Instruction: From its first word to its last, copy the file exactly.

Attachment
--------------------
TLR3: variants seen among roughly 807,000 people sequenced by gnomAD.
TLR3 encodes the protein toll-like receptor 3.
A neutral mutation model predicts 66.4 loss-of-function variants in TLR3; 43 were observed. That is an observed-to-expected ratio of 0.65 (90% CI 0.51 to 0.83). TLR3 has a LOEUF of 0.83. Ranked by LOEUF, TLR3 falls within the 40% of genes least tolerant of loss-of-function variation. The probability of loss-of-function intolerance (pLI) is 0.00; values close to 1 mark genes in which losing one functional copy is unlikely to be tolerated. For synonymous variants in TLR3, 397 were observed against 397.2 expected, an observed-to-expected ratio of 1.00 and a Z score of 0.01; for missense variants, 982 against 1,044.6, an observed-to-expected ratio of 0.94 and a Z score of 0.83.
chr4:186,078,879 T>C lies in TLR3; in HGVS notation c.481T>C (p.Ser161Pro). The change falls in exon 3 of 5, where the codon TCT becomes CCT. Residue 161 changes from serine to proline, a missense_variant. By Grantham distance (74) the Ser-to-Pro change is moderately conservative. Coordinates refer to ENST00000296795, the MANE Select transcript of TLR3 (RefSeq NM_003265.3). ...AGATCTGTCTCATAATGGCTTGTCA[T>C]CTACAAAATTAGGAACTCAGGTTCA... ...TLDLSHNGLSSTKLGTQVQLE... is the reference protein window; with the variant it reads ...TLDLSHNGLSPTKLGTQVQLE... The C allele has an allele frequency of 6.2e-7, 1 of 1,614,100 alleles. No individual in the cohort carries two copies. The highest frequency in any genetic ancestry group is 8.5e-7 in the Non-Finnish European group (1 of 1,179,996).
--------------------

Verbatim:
TLR3: variants seen among roughly 807,000 people sequenced by gnomAD.
TLR3 encodes the protein toll-like receptor 3.
A neutral mutation model predicts 66.4 loss-of-function variants in TLR3; 43 were observed. That is an observed-to-expected ratio of 0.65 (90% CI 0.51 to 0.83). TLR3 has a LOEUF of 0.83. Ranked by LOEUF, TLR3 falls within the 40% of genes least tolerant of loss-of-function variation. The probability of loss-of-function intolerance (pLI) is 0.00; values close to 1 mark genes in which losing one functional copy is unlikely to be tolerated. For synonymous variants in TLR3, 397 were observed against 397.2 expected, an observed-to-expected ratio of 1.00 and a Z score of 0.01; for missense variants, 982 against 1,044.6, an observed-to-expected ratio of 0.94 and a Z score of 0.83.
chr4:186,078,879 T>C lies in TLR3; in HGVS notation c.481T>C (p.Ser161Pro). The change falls in exon 3 of 5, where the codon TCT becomes CCT. Residue 161 changes from serine to proline, a missense_variant. By Grantham distance (74) the Ser-to-Pro change is moderately conservative. Coordinates refer to ENST00000296795, the MANE Select transcript of TLR3 (RefSeq NM_003265.3). ...AGATCTGTCTCATAATGGCTTGTCA[T>C]CTACAAAATTAGGAACTCAGGTTCA... ...TLDLSHNGLSSTKLGTQVQLE... is the reference protein window; with the variant it reads ...TLDLSHNGLSPTKLGTQVQLE... The C allele has an allele frequency of 6.2e-7, 1 of 1,614,100 alleles. No individual in the cohort carries two copies. The highest frequency in any genetic ancestry group is 8.5e-7 in the Non-Finnish European group (1 of 1,179,996).